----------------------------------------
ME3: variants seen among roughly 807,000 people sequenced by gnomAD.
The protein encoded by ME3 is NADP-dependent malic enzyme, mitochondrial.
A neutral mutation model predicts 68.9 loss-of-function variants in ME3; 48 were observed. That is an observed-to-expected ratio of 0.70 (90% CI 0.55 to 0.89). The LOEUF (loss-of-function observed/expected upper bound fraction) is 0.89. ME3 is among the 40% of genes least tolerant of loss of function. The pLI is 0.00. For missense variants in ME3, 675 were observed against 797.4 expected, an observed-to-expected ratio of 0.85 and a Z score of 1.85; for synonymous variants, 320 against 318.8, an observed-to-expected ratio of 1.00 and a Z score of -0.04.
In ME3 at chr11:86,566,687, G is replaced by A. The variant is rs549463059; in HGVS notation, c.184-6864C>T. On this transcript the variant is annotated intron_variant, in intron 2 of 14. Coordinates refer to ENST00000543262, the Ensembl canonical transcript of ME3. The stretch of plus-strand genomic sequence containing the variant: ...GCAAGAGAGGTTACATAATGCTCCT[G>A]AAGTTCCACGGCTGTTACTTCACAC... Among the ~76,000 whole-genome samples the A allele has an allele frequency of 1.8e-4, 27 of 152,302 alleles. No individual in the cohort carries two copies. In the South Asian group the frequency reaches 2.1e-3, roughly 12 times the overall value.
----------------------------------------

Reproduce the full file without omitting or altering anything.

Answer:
ME3: variants seen among roughly 807,000 people sequenced by gnomAD.
The protein encoded by ME3 is NADP-dependent malic enzyme, mitochondrial.
A neutral mutation model predicts 68.9 loss-of-function variants in ME3; 48 were observed. That is an observed-to-expected ratio of 0.70 (90% CI 0.55 to 0.89). The LOEUF (loss-of-function observed/expected upper bound fraction) is 0.89. ME3 is among the 40% of genes least tolerant of loss of function. The pLI is 0.00. For missense variants in ME3, 675 were observed against 797.4 expected, an observed-to-expected ratio of 0.85 and a Z score of 1.85; for synonymous variants, 320 against 318.8, an observed-to-expected ratio of 1.00 and a Z score of -0.04.
In ME3 at chr11:86,566,687, G is replaced by A. The variant is rs549463059; in HGVS notation, c.184-6864C>T. On this transcript the variant is annotated intron_variant, in intron 2 of 14. Coordinates refer to ENST00000543262, the Ensembl canonical transcript of ME3. The stretch of plus-strand genomic sequence containing the variant: ...GCAAGAGAGGTTACATAATGCTCCT[G>A]AAGTTCCACGGCTGTTACTTCACAC... Among the ~76,000 whole-genome samples the A allele has an allele frequency of 1.8e-4, 27 of 152,302 alleles. No individual in the cohort carries two copies. In the South Asian group the frequency reaches 2.1e-3, roughly 12 times the overall value.